English Major says
I’m all for personal-finance blog pet peeves! (I basically started blogging because I was so irritated by all the “don’t major in English!” advice.)
I’d agree with Trent: these sorts of exercises are effectively financial evangelism–the idea is motivational, rather than pragmatic.
Ramit Sethi (iwillteachyoutoberich.com) says
I think there’s some nuance to the argument. First, I agree that most bloggers don’t mention taxes and inflation (I haven’t touched upon those issues very much because they’re complicated and make people’s eyes glaze over). Before adding more complexity to the issue of investing for the long term, I want people to understand the basics.
But there are two other things to consider.
First, there are lots of tax-deferral strategies that mitigate the effect of taxes. Things like 401(k)s and Roth IRAs are fantastic investments (as I wrote about in The World’s Easiest Guide to Retirement Accounts. And as you acquire more money, you can structure your accounts differently to optimize.
Second, what’s the next-best alternative? Sure, taxes and inflation will take a bite out of your earnings…so, what’s your suggestion? To not invest? To invest only in inflation-protected securities? Even though taxes/inflation reduce real earnings, investing in the stock market over the long term is still the most reliable way for regular people to make money over the long term. It seems to me that people need more motivation and education to save/invest more. My point is that, as a blogger, I’d like to help people learn the basics, then point them to places where they can find out advanced information about taxes and other optimization strategies. First things first.
Adventures In Money Making says
assuming you get 11% in a tax-deferred account and consider 3% inflation.
isn’t that the same as getting an 8% compounded yield?
if its not tax-deffered, just make sure you have passive activity phantom losses to offset the gains, like real-estate depreciation.
I wish I would have seen this back when you first wrote it.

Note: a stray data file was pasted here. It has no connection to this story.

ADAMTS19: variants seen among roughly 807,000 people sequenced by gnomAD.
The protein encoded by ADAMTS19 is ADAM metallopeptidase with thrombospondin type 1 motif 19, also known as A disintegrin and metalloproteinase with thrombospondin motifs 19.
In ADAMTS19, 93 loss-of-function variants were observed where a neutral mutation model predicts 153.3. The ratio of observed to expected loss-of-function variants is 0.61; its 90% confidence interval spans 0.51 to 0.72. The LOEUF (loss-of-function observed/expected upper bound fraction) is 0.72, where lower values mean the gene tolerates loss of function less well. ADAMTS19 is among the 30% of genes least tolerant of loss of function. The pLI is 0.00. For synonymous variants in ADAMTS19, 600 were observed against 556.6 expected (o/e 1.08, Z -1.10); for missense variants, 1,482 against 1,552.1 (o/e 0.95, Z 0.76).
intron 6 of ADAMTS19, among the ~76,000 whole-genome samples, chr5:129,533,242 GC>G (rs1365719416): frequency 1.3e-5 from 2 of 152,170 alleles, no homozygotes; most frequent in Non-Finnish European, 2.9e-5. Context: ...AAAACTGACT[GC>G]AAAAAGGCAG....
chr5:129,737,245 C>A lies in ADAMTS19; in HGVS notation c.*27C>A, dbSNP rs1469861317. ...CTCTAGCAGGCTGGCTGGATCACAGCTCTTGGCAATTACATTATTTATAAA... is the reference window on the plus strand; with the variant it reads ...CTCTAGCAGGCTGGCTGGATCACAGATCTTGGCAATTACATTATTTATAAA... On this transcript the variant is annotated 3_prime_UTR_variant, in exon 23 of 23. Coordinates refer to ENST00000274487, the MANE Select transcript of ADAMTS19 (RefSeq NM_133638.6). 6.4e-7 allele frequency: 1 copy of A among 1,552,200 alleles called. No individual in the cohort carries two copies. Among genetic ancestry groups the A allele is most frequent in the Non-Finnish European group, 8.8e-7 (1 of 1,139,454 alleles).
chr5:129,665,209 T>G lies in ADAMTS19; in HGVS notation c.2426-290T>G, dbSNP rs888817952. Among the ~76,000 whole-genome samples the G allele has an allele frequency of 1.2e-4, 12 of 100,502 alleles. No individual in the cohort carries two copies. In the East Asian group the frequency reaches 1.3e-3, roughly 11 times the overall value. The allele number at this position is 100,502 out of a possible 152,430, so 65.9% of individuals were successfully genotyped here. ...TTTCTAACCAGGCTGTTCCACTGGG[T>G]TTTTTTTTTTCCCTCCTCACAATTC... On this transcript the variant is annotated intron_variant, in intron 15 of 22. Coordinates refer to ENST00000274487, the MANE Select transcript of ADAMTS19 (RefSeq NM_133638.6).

I like to speak in generalities when I’m talking about long-term rates of return. I’m also fond of using the 10% return because I have 80 years of returns to back it up.
Inflation is tricky because people don’t understand it.
People who deliberately lie, excuse me – stretch the truth, to try to sell their ideas don’t attract me to their ideas. They turn me off them. I know about things like inflation and taxes (geez who doesn’t?), and if the bloggers wish to ignore it, I tend to dismiss their entire point of view as being so much pie in the sky, nothing to do with reality.
I can understand the sentiment, but I think that the purpose of JD’s article was to motivate people toward saving (as mentioned by Trent). Inflation and taxes should certainly be mentioned, but explaining the actual effects of both of them appear to beyond the scope of the post.
Where’s my edit button.. “appear to be beyond the scope of the post.”
Yosef Katz says
Lazy Man I have a problem with your peeve! You state that x% compounded is not the true future value because it is subject to inflation and taxes. But isn’t all money earned subject to inflation and taxes? So doesn’t that make it a wash? So if you are comparing spending to saving, saving simple to saving with compounded interest, saving with compounded interest to an investment (and calculating risk, can we?!) that yields x% it is all the same as they are all subject to inflation and taxes, right?! Or did I miss something?
So the “remedy” for this might be to just discount the projection by a projected inflation rate (which may be a fuzzy number!) and the tax rate expected, and then one can extol the virtues of compounding?
Lazy Man says
Yes, but it how most magazines make it sound like you are getting huge numbers with 10% compound interest and it turns out that you really aren’t. It gives a false sense of security.